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Intercepting phosphorus with a nanoparticle filtration system

Researchers explore nanoparticle filtration.


November 21, 2019
By Julienne Isaacs

Topics
Installation of the filtration tank.

An innovative new project will test a unique nanoparticle filtration system for its ability to remove soluble phosphorus from agricultural runoff.

The site of the project is on 70 acres of land belonging to the Chippewas of the Thames First Nation and leased by a grain farmer. The filtration system will target tile water flowing into a municipal drain outlet.

The Chippewas experiment is one of seven new demonstration projects led by the Thames River Phosphorus Reduction Collaborative (TRPRC) that aim to intercept and remove phosphorus runoff from agricultural systems in order to limit algal blooms on the Thames River and in Lake Erie. Five of these projects, including the Chippewas project, were implemented in spring or early summer 2019, with another two set to begin by 2020.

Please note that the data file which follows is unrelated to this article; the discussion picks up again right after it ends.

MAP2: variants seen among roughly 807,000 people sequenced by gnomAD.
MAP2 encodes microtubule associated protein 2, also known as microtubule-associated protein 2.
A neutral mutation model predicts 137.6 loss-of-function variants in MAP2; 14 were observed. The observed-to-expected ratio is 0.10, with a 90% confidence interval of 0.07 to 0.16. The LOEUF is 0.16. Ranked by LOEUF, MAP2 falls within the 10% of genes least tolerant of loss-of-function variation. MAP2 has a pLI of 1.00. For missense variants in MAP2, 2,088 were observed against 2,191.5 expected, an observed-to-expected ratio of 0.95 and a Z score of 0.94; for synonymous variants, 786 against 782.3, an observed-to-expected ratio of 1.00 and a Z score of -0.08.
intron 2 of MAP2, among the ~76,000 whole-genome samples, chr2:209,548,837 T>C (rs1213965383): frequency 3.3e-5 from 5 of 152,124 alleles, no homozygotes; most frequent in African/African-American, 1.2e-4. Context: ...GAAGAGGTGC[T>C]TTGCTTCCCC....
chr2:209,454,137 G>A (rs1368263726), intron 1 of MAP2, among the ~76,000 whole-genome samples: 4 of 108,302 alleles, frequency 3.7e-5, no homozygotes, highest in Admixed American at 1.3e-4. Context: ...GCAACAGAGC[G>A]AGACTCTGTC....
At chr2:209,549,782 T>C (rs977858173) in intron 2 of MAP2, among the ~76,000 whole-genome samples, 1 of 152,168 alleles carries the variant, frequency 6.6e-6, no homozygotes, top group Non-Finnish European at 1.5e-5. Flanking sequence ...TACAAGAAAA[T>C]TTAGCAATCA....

The TRPRC represents a collaborative effort between many groups, including the Ontario Federation of Agriculture (OFA) and the Great Lakes and St. Lawrence Cities Initiative, the drainage industry, farm organizations, environmental groups and First Nations groups, says Charlie Lalonde, project director for the TRPRC.

The collaborative is funded through Environment and Climate Change Canada’s Great Lakes Protection Initiative as well as the Canadian Agricultural Partnership, a federal-provincial-territorial initiative; an additional ten groups contributed funding, according to Lalonde.

Most of these organizations have identified agricultural runoff as an important issue – for example, OFA is involved in 4R Nutrient Stewardship, and Grain Farmers of Ontario is involved in cover crop and soil health initiatives, says Lalonde – but this is the first initiative that brings the industry together to focus on the role of drainage in contributing to the P load in Lake Erie.

“As a result, we oriented these projects exclusively in that space,” Lalonde says. “Together we wanted to look at potential solutions to reduce agriculture’s impact on Great Lakes water.”

Project site